The Movie Waffler SSFF 2016 Reviews - RAINFALL / RACING TO 500 / STARRY NIGHT | The Movie Waffler


Three reviews from this year's Seattle Short Film Festival.

Reviews by John Bennett (@johnbennett812)


If the short films represented in the Seattle Shorts Film Festival show anything, they show how young filmmakers are almost communally interested in similar themes. Their films highlight youthful characters who search longingly for fulfillment, be it romantic or professional. Often, this kind of subject matter wallows in myopia - but at their best, these films show how young filmmakers have a fine sense of the elusiveness of happiness and how moments of deep meaning and connection should be savoured when they fall from the sky.

In the short animated film Rainfall, by Efehan Elbi, a teenage girl apprehensively goes on a first date that turns out to be magical, only to doubt herself and the boy’s level of interest in her afterwards. Rainfall’s animation is very well conceived and executed. Elbi seamlessly interweaves an expressionistic style of animation with real-life photography. That’s why it’s too bad that the film’s story, characters, and dialogue are so workaday. Elbi’s exquisite technique deserves a narrative more subtle and adventurous than the tired tentative teenage romance that Rainfall recounts - even if there are one or two moments of genuine niceness amid the banality as the two characters enjoy their date.

Racing to 500

In the longer live action short, Racing to 500, Rob Smith and Pat O’Brien tell the true story of Greg Smith, a high school student on the autistic spectrum who finds an emotional outlet through swimming. Encouraged by a supportive coach, Greg strives to be a valuable member of his school’s swim team, despite obstacles that include his struggle to succeed academically, the bullying he endures at the hands of some of the swim team’s members, and his father’s strong initial reluctance regarding Greg’s focussing on any activity other than schoolwork.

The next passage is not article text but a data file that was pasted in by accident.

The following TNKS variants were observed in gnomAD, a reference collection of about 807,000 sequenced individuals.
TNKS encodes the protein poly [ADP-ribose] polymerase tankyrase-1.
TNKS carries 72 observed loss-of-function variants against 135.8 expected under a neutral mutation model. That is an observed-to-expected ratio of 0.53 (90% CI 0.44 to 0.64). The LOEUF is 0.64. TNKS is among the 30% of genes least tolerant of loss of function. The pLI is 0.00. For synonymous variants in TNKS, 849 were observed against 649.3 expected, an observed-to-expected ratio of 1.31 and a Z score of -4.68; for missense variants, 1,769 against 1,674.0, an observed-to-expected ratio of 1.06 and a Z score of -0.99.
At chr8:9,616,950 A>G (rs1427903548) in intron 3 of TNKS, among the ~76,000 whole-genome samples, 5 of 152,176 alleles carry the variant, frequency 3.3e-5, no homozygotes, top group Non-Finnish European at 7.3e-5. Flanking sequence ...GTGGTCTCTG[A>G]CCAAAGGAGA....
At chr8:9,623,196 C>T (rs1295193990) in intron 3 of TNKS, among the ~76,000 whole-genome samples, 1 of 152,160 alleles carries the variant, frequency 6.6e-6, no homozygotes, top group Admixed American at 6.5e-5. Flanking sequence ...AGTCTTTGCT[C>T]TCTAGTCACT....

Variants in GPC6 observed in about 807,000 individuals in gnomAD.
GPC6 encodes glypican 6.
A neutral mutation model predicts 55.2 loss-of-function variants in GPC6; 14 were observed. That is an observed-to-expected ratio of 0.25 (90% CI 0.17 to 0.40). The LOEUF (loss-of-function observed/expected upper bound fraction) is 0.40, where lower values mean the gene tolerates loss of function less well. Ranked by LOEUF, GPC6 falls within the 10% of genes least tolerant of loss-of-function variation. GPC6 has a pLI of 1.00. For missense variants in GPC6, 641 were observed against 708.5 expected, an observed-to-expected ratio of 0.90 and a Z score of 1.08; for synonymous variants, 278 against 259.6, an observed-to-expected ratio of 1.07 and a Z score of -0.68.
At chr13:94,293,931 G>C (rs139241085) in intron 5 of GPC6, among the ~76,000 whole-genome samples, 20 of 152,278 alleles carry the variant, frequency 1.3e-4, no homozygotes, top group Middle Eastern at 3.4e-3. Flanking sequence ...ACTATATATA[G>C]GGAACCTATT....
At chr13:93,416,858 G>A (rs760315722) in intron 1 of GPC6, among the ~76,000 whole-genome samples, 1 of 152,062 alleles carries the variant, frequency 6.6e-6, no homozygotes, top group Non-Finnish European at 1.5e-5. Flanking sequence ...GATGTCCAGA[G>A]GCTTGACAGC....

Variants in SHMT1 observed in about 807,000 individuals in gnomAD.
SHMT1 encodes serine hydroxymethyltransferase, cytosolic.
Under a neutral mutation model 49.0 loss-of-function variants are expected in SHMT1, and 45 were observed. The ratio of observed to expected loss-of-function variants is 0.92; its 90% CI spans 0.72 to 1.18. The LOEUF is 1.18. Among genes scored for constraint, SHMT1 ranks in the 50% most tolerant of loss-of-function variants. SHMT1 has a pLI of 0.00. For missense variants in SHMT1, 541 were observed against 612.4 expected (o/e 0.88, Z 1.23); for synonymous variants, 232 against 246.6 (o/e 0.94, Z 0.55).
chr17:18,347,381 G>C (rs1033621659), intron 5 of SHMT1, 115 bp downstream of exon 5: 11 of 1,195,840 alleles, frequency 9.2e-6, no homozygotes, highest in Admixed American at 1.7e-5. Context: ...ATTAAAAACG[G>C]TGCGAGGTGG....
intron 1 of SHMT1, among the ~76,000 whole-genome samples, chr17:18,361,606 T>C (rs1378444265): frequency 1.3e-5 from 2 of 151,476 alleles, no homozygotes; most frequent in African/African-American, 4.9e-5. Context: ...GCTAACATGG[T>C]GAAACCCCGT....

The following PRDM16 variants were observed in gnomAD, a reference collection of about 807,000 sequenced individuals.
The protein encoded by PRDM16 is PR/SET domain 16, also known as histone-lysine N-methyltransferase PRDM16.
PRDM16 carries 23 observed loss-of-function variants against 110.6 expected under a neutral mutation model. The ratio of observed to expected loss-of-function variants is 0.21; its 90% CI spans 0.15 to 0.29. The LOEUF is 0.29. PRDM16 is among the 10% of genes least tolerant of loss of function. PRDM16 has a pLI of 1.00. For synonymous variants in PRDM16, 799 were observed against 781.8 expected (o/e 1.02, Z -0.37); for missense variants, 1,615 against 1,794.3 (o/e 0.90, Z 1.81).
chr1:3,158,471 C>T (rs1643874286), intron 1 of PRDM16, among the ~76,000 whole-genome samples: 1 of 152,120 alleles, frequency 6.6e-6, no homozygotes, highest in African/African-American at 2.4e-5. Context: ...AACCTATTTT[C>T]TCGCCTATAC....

Racing to 500 looks clean and has a nice message about overcoming adversity, even if the general tone of the film is a bit on-the-nose. This earnestness is embodied by the coach character, whose speeches to the team, Greg, and Greg’s father are delivered in such a way that makes the character corniness incarnate. Nevertheless, the film benefits from a strong central performance from Leland Chad Williams, and the directors’ choice to include a brief interview with the real Greg Smith at the end of the film validates much of the film’s narrative simplicity as a respectful homage to Greg’s tenacity.

Starry Night

The best short of the batch that I saw came from director Paxton Farrar. His film, Starry Night, tells the story of Dawn (Paige Hiskey) a high-school aged girl whose passion for astronomy leads her to dream of escaping her drab small-town life and her narrow-minded mother in order to study what she loves. Though she has a boyfriend, her main confidant is her older brother (Brian Combs), who has found his escape from their simplistic life in the form of military service.

Many of the shorts in this competition I saw looked fine, but that was the extent of their artistic quality; they were polished, but unexciting as movies. Starry Night is not just polished, it’s a vision. The dusty near-sepia of the visuals is an intelligent visual expression of how Dawn perceives the oppressiveness of her world. A smartly filmed sequence that takes place at an observatory dramatically uses light and shadow to illustrate the profundity of Dawn’s excitement. These stylistic choices not only make Dawn’s passion for astronomy convincing - but moving as well. Farrar’s skill as a visual storyteller is supported by two strong performances from Hiskey and Combs, who convey the complications of their characters without overdoing the story’s sentimental components. If you seek out just one short from the Seattle Short Film Fest, make it this one.

The 2016 Seattle Shorts Film Festival runs from November 11th - 13th. More info at